By Jim Schutze
By Rachel Watts
By Lauren Drewes Daniels
By Anna Merlan
By Lee Escobedo
By Eric Nicholson
Before the court date, Lily Matheson, policy director for the Office of Child Support Enforcement at the U.S. Department of Health and Human Services, appeared to side with O'Donnell in a March 1, 2004, e-mail to her boss, Commissioner Sherri Heller. "It is a state law issue to resolve whether a Court can order payments to go through the GAL without the custodial parent being given an option not to have payments go through the GAL," she wrote. "As long as the payments must first be sent to the SDU, we would not dictate what is permissible for court activity in this regard." Heller declined to comment to the Dallas Observer.
The case of O'Donnell v. Abbott was wrapped up in a one-day bench trial on November 12, 2004, but it would take more than a year for Judge Lee Yeakel to render a decision. In the meantime, state Representative Ken Paxton, a big supporter of the GAL program in Collin County (and the beneficiary of $8,500 in campaign contributions from O'Donnell from 2003 to 2008) worked with Heller and other legislators to craft two House bills that would resolve the conflict over the consent issue between the OAG and O'Donnell and enable GAL to continue to receive payments from the SDU. While HB 1238 allowed signatures on divorce degrees to constitute written consent, HB 2668 enabled private entities such as GAL to operate as local registries capable of receiving child support payments if appointed by a court.
Although the OAG attempted to amend language in HB 2668 and questioned whether HB 1238 violated federal law, both bills passed the House and Senate in May 2005 without opposition and were signed into law by Governor Rick Perry. But none of that mattered—not after Judge Yeakel ruled against O'Donnell in September 2005, holding that divorce degrees don't amount to consent because the parties "were, in practical terms, ordered to accept the arrangement." Yeakel also held Paxton's legislation was of no consequence since the bills were not retroactive. O'Donnell appealed but got no help from the 5th U.S. Circuit Court of Appeals.
The bad news had only begun for O'Donnell. Margot Bean, who had replaced Heller on the federal level, sent a February 16, 2006, letter to Alicia Key, who had replaced Bryant on the state level, and wanted to know whether Paxton's bills complied with federal law. Despite previous statements from Heller and Matheson leaving the issue in the hands of the state, Bean said the bills in fact violated federal law.
Paxton sent letters to federal officials and marshaled a parade of powerful politicos to urge Bean to change her mind. "...[This] decision has the effect of decreasing competition and potentially decreases the likelihood that the custodial parent will receive their child support payment," wrote Governor Rick Perry in a letter to Bean's superior, Secretary Michael Leavitt.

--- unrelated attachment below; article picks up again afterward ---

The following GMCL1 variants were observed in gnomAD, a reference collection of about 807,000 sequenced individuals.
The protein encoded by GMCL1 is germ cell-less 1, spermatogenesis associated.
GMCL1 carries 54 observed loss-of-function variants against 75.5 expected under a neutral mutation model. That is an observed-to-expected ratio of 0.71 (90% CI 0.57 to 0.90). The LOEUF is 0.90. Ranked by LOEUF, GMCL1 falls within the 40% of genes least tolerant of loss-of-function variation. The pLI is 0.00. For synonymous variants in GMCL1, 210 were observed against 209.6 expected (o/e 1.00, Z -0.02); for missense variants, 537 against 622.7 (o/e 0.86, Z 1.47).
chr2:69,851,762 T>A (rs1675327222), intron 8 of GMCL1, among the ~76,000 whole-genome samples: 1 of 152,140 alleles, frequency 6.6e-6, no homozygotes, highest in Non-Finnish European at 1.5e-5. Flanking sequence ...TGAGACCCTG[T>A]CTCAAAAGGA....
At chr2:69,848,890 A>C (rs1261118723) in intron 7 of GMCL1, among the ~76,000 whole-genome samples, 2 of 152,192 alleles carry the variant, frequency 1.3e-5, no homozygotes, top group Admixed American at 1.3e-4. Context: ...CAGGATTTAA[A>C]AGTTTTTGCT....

Bean heard from State Senator John Carona from Dallas and six state representatives who together wrote that GAL was more efficient than any state government in the country and applauded it for not using tax dollars. "To say we are impressed would be an understatement."
Abbott even appeared to take Paxton's side: "We would appreciate your very serious consideration of [Paxton's] request and look forward to learning whether your decision in the matter has changed based on the further information provided with respect to the action of the Texas Legislature and the Governor."
But O'Donnell thinks Abbott's letter, which was short on substance and less supportive than others, was simply a ploy, and believes Abbott's subsequent actions belie his apparent support for the legislation. "At that point in our situation, he wasn't sure which way the tide was going to turn, and he just wanted to make sure that he had plausible deniability," he says.
On February 15, 2008, the OAG sent O'Donnell a letter instructing him to obtain consent forms in the many thousands of cases without them, citing the federal court ruling. O'Donnell says the OAG then began intercepting his clients, sending them letters with little explanation other than stating their payments would now come from the state as opposed to the guardian.
"I'm angry through this thing, and you can sense it in every meeting," O'Donnell says. "The water-cooler talk was, 'This guy's a prick,' and yeah, I'm a prick. I'm being attacked by my government."
Ten days later, Dallas County family court Judge Lynn Cherry signed a temporary restraining order blocking the OAG's effort to divert cases from GAL and issued the TRO despite the OAG's argument that the continuing use of GAL would jeopardize more than $300 million in federal funding. Cherry, a supporter of the program, refused multiple interview requests.
Her TRO caused the OAG to file a writ of mandamus against the seven Dallas and Collin County judges who still used GAL to force them to stop using the program immediately. The higher courts denied the mandamus, but on June 27, the Texas Supreme Court told Cherry to withdraw her TRO.
In May 2008, amid the flurry of state court litigation, Paxton and six other state reps tossed up one final Hail Mary, hoping to enlist U.S. Representative Ralph Hall from Rockwall to sponsor federal legislation to resolve the guardianship issue. Their letter cited "numerous bureaucratic roadblocks" by the OAG and federal child support enforcement officials. "To be perfectly honest, we are puzzled and frustrated by the OAG staff's repeated efforts to undermine GAL services (and the lives of thousands of children)," Paxton and his colleagues wrote.